Written by NATE KLEMP PHD and ERIC LANGSHUR
Politics have a way of sparking anger within us. By introducing a little mindfulness, we begin to create the space we need to shift out of old patterns.
“We are a country divided.” That’s what the pundits and political observers would like us to believe.
For the last few decades, political scientists have documented this shift toward greater polarization. And yet, until just recently, the polarization of democratic politics was viewed as a mostly elite phenomenon, restricted to activists, pundits, and political professionals. Morris Fiorina, for instance, makes this case in Culture War: The Myth of A Polarized America. Pundits, politicians, and partisans are the ones who are polarized and at war, not ordinary citizens.
This elite theory of polarization no longer seems to be true. In a recent Pew Survey, researchers found a dramatic increase among non-political elites in the experience of stress and frustration when talking about politics. A record 53% of Americans now report talking about political issues as generally stressful and frustrating. Moreover, polling research by Pew also shows a marked increase in ideological division among ordinary citizens.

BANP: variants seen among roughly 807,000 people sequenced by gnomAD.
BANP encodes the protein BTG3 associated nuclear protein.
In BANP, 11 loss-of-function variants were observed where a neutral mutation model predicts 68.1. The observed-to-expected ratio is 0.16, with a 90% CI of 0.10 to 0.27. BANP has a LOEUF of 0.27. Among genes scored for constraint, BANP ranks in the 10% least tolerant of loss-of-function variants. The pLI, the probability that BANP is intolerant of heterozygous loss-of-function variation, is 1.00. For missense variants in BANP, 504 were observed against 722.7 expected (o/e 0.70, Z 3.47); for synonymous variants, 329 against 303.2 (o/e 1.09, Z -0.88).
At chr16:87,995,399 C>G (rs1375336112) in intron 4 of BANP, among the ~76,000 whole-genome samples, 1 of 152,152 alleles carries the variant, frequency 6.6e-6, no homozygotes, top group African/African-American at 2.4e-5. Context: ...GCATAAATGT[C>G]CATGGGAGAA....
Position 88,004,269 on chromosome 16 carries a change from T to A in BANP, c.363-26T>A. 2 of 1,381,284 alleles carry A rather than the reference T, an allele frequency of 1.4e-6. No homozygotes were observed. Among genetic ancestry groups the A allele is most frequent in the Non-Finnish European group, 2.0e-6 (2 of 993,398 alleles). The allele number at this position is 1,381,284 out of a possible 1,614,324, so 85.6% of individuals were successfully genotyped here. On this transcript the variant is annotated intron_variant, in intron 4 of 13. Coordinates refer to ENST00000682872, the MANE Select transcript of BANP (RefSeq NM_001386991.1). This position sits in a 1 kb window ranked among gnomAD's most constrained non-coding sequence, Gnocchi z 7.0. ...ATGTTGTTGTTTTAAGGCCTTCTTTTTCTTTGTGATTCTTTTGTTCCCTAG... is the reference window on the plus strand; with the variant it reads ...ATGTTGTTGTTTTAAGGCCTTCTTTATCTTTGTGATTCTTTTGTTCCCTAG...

It’s easy to blame this escalation on polarizing figures on both sides of the aisle or the rise of popular information spaces like Facebook and Twitter. But from the perspective of mindfulness practice, it’s more helpful to look deeper into what holds this pattern of outrage, fear, and resentment in place: our personal unchecked reactions.
The Mirror of Complementary Behavior
At its core, of this shift toward political outrage and polarization is a clear pattern of response and counter-response. This is a common behavioral pattern that psychologists call “complementary behavior”: the natural human tendency to mirror the emotions of those around us. When we’re in the presence of someone else’s anger, we feel angry. When we’re in the presence of fear, we feel afraid. And so on.
The complementary behavior hypothesis suggests that the escalation of aggression works like a feedback loop: party A feels outraged at party B. So party B begins to feel outraged toward party A, which in turn generates greater outrage among party A. And on and on it goes.